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12/6/2019 7:27:02 PM
Posted: 9/30/2011 7:15:09 PM EST
Wife is in nursing school, and we're in the process of finding a concealable for her... she's curious about how often violent crime is experienced in hospitals, and more so, how often a firearm is needed.

I told her the emergency department will probably be the most dangerous, and that most situations probably don't involve CCW's

Her main question though is whether or not it is generally acceptable to conceal carry in a hospital...?

Thanks guys!
Link Posted: 9/30/2011 7:21:15 PM EST
Most hospitals have a no-go policy on CCW. Speaking from just personal experience, violence is very common in the ER, but it's not the sort that would require a gun (I never thought I'd say this). If nothing else, it's a liability if the psych and/or otherwise agitated patient finds it by accident - the situation would escalate dramatically. I would endorse having it in the breakroom close by in case of a violent armed individual showing up, but I think it's more than it's worth to carry it on one's person all the time. Also, scrubs makes concealing most things difficult...
Link Posted: 9/30/2011 7:22:27 PM EST
Depends on the hospital. Out little community hospital is fairly quiet. The trauma center that's in a bad part of town is quite a different story.
Link Posted: 9/30/2011 7:30:22 PM EST
[Last Edit: 9/30/2011 7:32:20 PM EST by OiRogers]
I've been at an ER with a trauma patient... Had a shooting victim in bed on either side of my patient... Then the families Of those patients showed up.... Never been happier to have been armored and armed in an ER.
Luck of the draw had put those two "patients" (I.e. Drug dealers who shot each other during a deal fine bad) on either side of my (LEO) and my dipshit prisoner (Felony DV who had stabbed his wife....)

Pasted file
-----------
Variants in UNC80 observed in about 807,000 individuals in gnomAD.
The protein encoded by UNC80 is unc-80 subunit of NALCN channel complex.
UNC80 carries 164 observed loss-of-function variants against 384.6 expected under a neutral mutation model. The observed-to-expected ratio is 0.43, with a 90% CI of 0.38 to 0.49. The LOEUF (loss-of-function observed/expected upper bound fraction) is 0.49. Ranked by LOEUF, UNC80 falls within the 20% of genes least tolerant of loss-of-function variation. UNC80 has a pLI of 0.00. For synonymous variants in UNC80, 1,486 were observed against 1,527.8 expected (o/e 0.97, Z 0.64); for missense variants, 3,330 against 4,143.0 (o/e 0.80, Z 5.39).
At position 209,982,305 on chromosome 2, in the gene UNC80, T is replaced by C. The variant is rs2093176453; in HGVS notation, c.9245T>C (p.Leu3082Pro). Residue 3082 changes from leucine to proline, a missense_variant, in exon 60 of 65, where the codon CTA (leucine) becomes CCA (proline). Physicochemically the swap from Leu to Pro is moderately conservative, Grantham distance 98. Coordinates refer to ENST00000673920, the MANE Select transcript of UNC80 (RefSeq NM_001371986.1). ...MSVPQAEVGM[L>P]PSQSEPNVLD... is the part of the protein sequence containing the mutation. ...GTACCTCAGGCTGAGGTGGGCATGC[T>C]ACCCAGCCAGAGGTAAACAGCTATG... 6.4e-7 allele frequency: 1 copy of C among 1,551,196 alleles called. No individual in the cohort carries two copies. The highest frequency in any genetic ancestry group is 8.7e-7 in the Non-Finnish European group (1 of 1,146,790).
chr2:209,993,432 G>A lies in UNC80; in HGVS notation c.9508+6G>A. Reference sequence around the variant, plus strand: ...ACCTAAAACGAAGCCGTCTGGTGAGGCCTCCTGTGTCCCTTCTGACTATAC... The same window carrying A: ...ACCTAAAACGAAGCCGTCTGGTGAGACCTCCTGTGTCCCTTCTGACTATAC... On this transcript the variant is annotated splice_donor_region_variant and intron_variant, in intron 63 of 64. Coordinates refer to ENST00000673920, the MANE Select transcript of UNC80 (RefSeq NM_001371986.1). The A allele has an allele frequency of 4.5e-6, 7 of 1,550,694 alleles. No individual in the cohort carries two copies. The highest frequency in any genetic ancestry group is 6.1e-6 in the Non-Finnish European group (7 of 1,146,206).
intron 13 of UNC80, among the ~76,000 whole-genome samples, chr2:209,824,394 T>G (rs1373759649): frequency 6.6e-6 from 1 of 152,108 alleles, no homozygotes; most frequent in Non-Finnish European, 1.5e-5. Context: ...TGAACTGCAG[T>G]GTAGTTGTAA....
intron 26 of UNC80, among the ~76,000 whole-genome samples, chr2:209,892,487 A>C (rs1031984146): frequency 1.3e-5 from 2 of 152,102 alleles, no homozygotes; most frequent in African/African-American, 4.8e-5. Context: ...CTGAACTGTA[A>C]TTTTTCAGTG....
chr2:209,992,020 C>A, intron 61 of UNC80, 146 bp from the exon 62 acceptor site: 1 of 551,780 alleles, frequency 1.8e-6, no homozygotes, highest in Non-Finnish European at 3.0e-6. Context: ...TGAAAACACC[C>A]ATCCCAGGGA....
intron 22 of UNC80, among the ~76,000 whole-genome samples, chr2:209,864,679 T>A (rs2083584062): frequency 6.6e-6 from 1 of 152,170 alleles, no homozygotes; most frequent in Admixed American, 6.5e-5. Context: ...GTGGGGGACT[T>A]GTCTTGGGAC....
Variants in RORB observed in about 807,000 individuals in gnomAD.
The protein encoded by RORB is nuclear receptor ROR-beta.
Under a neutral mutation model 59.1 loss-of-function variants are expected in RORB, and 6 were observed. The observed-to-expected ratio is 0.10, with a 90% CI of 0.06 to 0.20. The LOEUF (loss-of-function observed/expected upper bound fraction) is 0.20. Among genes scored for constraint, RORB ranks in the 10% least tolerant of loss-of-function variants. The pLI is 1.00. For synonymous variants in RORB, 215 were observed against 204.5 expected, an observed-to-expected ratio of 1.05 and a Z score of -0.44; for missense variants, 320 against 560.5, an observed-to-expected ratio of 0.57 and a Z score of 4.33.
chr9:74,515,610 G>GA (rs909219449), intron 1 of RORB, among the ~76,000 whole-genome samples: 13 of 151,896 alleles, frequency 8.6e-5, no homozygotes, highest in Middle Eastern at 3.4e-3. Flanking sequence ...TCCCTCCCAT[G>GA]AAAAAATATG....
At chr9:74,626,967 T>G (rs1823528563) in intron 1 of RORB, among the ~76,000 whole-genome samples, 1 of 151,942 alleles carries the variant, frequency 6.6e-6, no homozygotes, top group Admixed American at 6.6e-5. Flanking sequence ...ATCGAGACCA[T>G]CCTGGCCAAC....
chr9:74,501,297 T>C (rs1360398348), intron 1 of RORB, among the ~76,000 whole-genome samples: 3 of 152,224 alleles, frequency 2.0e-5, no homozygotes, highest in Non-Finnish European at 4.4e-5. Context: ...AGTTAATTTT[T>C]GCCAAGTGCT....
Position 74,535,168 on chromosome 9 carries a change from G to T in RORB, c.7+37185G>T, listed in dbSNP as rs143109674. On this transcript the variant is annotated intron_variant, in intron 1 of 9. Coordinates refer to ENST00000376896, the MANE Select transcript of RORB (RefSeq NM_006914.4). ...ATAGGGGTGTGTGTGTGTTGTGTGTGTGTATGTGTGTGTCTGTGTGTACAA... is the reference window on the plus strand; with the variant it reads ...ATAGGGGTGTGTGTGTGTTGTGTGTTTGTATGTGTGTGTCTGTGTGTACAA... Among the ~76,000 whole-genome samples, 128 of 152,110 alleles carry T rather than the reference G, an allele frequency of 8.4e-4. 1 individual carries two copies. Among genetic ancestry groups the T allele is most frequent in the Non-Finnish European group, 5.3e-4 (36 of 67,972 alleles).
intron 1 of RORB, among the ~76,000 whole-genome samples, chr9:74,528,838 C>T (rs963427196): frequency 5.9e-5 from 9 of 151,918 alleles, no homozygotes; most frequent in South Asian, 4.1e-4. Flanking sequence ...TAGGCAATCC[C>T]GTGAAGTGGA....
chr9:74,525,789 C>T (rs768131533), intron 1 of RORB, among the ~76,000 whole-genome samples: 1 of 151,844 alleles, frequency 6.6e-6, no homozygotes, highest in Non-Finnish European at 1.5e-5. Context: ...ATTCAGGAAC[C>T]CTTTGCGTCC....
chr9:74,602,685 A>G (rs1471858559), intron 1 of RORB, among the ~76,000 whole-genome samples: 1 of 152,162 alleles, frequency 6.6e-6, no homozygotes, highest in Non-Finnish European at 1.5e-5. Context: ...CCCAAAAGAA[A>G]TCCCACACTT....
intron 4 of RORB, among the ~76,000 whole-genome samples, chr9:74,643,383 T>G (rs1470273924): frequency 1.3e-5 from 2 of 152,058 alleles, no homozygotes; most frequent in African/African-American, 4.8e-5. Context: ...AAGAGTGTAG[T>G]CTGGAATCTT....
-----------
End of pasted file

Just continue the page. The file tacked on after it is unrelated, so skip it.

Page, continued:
That was about the least fun fourth-three seconds of my life. Then the hospital PD showed up and took over the de-escalation of that cluster. My prisoner got transferred to a private room with a quickness.

I highly recommend being armed and armored in the ER if legally possible.

ETA: my drunk ass wasted post 1911 on this? FUCK ME. . Anyhow.... Colt GoldCup Series 70 Pic here....
Link Posted: 9/30/2011 7:43:47 PM EST
It's illegal in Texas. No violent crimes allowed in our hospitals either.
Link Posted: 9/30/2011 7:43:51 PM EST
Originally Posted By OiRogers:
I've been at an ER with a trauma patient... Had a shooting victim in bed on either side of my patient... Then the families Of those patients showed up.... Never been happier to have been armored and armed in an ER.
Luck of the draw had put those two "patients" (I.e. Drug dealers who shot each other during a deal fine bad) on either side of my (LEO) and my dipshit prisoner (Felony DV who had stabbed his wife....)

That was about the least fun fourth-three seconds of my life. Then the hospital PD showed up and took over the de-escalation of that cluster. My prisoner got transferred to a private room with a quickness.

I highly recommend being armed and armored in the ER if legally possible.

ETA: my drunk ass wasted post 1911 on this? FUCK ME. . Anyhow.... Colt GoldCup Series 70 Pic here....


That sounds like a Great post for number 1911.




Impeach Obama for the Good of the Hoods.
Link Posted: 9/30/2011 7:48:56 PM EST
Originally Posted By The_Breakfast_Fox: